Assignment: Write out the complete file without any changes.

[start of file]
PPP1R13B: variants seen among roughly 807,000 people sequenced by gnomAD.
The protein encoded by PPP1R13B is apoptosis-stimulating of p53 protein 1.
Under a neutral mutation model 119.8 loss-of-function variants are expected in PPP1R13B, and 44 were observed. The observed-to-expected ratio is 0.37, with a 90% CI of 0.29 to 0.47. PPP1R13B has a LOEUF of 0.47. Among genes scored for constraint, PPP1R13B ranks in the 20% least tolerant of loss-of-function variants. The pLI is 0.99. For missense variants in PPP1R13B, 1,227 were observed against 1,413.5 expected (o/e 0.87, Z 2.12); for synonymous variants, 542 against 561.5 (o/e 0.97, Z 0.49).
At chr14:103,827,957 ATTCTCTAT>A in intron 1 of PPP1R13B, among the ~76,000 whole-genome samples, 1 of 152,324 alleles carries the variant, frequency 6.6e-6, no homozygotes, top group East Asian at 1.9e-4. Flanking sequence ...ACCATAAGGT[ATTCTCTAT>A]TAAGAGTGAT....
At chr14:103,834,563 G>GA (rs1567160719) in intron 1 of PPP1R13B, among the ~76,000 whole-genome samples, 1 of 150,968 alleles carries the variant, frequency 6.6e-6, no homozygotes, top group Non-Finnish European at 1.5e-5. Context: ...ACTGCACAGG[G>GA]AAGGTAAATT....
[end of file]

PPP1R13B: variants seen among roughly 807,000 people sequenced by gnomAD.
The protein encoded by PPP1R13B is apoptosis-stimulating of p53 protein 1.
Under a neutral mutation model 119.8 loss-of-function variants are expected in PPP1R13B, and 44 were observed. The observed-to-expected ratio is 0.37, with a 90% CI of 0.29 to 0.47. PPP1R13B has a LOEUF of 0.47. Among genes scored for constraint, PPP1R13B ranks in the 20% least tolerant of loss-of-function variants. The pLI is 0.99. For missense variants in PPP1R13B, 1,227 were observed against 1,413.5 expected (o/e 0.87, Z 2.12); for synonymous variants, 542 against 561.5 (o/e 0.97, Z 0.49).
At chr14:103,827,957 ATTCTCTAT>A in intron 1 of PPP1R13B, among the ~76,000 whole-genome samples, 1 of 152,324 alleles carries the variant, frequency 6.6e-6, no homozygotes, top group East Asian at 1.9e-4. Flanking sequence ...ACCATAAGGT[ATTCTCTAT>A]TAAGAGTGAT....
At chr14:103,834,563 G>GA (rs1567160719) in intron 1 of PPP1R13B, among the ~76,000 whole-genome samples, 1 of 150,968 alleles carries the variant, frequency 6.6e-6, no homozygotes, top group Non-Finnish European at 1.5e-5. Context: ...ACTGCACAGG[G>GA]AAGGTAAATT....